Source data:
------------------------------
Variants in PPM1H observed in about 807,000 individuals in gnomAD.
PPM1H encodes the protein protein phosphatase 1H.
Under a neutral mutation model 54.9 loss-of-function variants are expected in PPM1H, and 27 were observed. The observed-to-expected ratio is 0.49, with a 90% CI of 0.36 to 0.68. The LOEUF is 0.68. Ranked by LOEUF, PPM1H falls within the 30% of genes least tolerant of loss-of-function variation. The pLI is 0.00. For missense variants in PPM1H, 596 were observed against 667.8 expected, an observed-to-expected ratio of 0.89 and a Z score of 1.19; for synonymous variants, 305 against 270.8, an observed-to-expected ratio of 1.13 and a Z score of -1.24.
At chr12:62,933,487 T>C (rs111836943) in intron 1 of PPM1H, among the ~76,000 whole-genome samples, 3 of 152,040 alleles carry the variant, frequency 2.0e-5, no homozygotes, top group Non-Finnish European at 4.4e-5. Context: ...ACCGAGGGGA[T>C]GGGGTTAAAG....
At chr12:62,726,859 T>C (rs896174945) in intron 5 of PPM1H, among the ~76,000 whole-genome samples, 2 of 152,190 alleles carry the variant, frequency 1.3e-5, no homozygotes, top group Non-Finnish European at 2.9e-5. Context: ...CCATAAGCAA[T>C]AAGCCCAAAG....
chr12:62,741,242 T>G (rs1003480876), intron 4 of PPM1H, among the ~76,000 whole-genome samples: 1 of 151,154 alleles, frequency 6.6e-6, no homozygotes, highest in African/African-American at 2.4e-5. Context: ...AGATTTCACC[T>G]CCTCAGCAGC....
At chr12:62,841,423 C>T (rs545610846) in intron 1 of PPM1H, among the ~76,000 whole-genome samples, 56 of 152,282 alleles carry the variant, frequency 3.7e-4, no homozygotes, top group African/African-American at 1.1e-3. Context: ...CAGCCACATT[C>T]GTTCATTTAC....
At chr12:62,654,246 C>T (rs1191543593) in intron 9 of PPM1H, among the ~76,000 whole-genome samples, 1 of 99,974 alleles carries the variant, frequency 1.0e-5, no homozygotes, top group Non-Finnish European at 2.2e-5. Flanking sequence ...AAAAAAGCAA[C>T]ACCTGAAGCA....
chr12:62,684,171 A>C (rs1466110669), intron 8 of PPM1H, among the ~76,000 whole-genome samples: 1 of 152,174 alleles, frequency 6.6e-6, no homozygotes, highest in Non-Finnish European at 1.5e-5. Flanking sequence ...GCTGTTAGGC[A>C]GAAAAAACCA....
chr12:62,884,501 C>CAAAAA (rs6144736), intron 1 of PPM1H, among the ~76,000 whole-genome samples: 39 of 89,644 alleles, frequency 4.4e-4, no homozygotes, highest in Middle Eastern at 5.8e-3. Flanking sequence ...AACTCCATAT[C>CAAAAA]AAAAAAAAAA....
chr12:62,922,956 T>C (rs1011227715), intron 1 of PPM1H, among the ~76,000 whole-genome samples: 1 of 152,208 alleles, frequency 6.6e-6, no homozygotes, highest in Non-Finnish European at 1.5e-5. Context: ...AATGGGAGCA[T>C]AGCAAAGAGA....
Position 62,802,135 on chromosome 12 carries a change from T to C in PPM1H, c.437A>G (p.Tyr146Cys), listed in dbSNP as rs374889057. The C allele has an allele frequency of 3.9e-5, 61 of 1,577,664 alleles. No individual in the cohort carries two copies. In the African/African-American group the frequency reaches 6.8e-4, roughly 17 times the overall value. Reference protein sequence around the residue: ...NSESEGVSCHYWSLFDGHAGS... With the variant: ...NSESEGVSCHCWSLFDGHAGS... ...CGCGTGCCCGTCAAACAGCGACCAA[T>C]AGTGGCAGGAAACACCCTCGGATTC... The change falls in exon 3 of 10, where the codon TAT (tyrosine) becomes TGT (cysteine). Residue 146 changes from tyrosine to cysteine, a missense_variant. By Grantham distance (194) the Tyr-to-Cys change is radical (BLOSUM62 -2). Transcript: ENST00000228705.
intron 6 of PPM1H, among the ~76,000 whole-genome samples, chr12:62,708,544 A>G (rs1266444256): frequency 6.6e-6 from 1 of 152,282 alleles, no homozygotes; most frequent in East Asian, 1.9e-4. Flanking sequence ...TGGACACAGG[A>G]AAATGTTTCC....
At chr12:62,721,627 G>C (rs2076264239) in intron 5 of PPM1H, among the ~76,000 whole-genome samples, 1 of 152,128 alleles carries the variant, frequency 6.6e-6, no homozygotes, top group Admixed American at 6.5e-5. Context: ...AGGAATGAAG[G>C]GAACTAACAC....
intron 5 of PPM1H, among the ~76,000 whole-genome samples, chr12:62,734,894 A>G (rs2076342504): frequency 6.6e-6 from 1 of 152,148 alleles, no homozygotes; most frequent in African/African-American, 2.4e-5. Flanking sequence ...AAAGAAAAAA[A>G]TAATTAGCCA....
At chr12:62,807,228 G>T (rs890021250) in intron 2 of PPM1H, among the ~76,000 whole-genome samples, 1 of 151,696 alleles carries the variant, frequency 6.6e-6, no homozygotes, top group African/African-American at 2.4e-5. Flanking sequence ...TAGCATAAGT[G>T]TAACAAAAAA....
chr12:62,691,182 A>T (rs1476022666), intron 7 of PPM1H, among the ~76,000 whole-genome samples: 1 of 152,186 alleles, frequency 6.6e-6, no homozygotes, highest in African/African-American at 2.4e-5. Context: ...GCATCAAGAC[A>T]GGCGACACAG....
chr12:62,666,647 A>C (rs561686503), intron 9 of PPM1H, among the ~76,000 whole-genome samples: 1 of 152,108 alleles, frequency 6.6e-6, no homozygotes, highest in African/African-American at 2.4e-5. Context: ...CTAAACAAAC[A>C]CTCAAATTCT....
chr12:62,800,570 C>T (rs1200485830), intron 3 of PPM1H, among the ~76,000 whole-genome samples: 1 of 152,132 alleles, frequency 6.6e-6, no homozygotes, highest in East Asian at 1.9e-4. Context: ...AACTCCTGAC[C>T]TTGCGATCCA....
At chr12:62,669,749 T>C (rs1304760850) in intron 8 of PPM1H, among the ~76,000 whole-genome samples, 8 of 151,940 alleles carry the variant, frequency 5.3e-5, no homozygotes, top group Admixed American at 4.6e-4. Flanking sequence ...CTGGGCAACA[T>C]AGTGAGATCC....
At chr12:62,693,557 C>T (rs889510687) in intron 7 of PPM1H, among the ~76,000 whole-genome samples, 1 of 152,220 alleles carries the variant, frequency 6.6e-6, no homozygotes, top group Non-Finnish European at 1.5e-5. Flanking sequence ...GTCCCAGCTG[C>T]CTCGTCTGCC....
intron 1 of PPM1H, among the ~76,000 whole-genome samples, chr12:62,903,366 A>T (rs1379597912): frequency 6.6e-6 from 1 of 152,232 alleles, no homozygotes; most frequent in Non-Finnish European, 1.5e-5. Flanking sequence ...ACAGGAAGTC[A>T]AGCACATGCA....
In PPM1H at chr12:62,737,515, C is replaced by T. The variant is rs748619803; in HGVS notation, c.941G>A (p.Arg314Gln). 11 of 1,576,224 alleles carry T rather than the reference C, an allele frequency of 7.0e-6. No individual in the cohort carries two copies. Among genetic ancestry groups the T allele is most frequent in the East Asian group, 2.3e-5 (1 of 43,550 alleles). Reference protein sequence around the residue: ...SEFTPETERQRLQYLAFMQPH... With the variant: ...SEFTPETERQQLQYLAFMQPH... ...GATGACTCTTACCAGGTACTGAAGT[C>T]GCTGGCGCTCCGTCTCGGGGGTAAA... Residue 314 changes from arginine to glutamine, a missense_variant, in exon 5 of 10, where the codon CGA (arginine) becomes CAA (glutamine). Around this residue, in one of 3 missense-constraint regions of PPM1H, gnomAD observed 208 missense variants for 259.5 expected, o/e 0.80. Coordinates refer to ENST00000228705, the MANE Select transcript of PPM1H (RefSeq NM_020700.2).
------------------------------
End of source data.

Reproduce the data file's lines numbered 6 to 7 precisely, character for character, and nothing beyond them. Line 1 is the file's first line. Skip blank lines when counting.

chr12:62,741,242 T>G (rs1003480876), intron 4 of PPM1H, among the ~76,000 whole-genome samples: 1 of 151,154 alleles, frequency 6.6e-6, no homozygotes, highest in African/African-American at 2.4e-5. Context: ...AGATTTCACC[T>G]CCTCAGCAGC....
At chr12:62,841,423 C>T (rs545610846) in intron 1 of PPM1H, among the ~76,000 whole-genome samples, 56 of 152,282 alleles carry the variant, frequency 3.7e-4, no homozygotes, top group African/African-American at 1.1e-3. Context: ...CAGCCACATT[C>T]GTTCATTTAC....